How Millie Rosenbloom handles a stalemate in real estate negotiations

by Jason Porterfield


Millie Rosenbloom

Home pricing negotiations are seldom easy. Regardless of how well everyone at the negotiating table gets along, points of contention are bound to come up — and occasionally, you may find yourself between a rock and hard place, trying to salvage a deal where both sides refuse to budge.

The ability to break through a stalemate is a valuable skill for an agent to have, particularly in today’s seller’s market.

Strategies for Breaking Stalemates

Millie Rosenbloom, a broker associate with Baird & Warner in Lincoln Park, explains that her negotiation strategies shift based on the nature of the stalemate.

“When dealing strictly with price, I often calculate how much each side came down or up,” Rosenbloom says. “If we are fairly close in price, I ask the buyer and seller to split the difference.”

If the issue is not the price alone, Rosenbloom calls upon different strategies. “The approach really depends on the property,” she says. “It might be time to walk when the price is no longer fair and the property will not appraise out. Or, there may be major deficiencies on the inspection, and compensation is not the answer. Sometimes, it is not the right property.”

Some things are not sorted out easily, such as when a property has sales contingencies or when the timing of a closing is tricky for one party. Buyers can, of course, threaten to walk away from a deal. There are times when that is the right course of action. Then again, the property may require special assessments, a situation that the purchasers are not willing to face.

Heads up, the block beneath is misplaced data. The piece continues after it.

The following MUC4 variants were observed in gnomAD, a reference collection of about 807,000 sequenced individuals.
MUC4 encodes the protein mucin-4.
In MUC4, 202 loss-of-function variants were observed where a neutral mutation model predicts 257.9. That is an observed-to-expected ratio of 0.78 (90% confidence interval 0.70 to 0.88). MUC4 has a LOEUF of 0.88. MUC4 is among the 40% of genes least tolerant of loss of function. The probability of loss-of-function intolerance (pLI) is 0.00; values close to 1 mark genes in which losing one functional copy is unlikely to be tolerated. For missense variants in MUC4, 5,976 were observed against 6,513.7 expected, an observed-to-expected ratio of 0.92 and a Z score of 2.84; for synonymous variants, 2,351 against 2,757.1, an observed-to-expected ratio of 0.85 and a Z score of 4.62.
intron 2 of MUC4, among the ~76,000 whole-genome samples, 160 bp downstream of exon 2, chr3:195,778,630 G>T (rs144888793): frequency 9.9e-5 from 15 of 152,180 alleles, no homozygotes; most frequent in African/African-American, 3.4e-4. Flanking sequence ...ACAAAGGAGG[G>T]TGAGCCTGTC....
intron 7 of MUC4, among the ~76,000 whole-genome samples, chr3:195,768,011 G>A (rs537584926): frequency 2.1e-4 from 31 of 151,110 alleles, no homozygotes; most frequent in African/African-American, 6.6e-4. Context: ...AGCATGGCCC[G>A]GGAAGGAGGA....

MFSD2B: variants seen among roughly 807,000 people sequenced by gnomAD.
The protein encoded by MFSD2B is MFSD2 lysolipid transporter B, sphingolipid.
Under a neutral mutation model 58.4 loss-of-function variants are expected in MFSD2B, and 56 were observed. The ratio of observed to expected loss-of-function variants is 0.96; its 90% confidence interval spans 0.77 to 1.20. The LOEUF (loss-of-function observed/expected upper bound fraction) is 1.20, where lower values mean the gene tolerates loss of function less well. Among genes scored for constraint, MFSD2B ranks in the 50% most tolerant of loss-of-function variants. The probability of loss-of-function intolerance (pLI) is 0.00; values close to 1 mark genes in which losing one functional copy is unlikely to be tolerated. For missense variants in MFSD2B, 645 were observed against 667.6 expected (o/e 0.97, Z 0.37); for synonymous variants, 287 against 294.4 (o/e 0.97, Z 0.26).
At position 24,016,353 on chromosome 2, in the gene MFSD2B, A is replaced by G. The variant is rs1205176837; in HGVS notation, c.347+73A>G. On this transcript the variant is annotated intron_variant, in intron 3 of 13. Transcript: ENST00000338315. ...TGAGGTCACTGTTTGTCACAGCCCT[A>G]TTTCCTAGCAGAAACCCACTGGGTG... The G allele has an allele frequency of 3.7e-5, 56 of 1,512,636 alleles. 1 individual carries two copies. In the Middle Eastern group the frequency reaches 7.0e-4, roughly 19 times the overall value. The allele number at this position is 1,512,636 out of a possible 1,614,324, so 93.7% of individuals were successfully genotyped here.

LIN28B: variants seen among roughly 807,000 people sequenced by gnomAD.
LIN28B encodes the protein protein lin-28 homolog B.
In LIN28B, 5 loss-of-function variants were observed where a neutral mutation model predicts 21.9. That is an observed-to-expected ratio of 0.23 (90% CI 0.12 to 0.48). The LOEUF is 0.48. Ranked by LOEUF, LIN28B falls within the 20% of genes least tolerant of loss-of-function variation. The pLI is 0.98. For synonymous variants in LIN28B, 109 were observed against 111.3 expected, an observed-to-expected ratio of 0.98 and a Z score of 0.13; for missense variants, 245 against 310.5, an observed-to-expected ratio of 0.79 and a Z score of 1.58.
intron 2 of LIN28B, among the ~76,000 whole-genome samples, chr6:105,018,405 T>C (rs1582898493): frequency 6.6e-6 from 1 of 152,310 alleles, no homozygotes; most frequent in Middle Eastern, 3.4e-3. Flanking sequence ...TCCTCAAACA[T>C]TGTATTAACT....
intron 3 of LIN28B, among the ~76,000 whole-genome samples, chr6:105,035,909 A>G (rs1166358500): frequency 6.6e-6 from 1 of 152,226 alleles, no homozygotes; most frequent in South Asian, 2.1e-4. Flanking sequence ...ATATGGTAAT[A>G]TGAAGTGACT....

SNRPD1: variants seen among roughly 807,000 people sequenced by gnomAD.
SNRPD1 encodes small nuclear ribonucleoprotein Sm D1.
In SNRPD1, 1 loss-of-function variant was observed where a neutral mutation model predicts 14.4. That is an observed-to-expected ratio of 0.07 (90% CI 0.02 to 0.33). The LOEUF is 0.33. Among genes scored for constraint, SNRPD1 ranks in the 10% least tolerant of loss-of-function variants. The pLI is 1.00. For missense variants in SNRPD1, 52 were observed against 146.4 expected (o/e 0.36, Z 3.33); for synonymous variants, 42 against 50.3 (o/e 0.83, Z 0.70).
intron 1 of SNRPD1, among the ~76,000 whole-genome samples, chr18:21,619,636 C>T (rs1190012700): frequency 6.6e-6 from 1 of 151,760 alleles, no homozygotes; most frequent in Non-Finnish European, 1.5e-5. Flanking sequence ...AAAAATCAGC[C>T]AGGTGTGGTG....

A Client-Based Stalemate

Sometimes, the issue is not the property or its price, but rather, the client. Rosenbloom recalls representing a couple who was going through a divorce. They refused to speak with each other, and their lawyers could not decide how to handle the proceeds of the sale.

“The attorneys pointed out that it was silly to continue to pay the monthly costs,” Rosenbloom says, noting this required considering the needs and motivations of both parties. “Ultimately, I had to come up with a mechanism to hold the escrow money until a settlement was agreed upon.”

Rosenbloom’s experience underscores the importance of truly understanding what both buyers and sellers want, and the range of outcomes they will accept. If either side is willing to walk away from a deal, a stalemate can be broken; ultimately, that may be a sign that it is time to consider other options.

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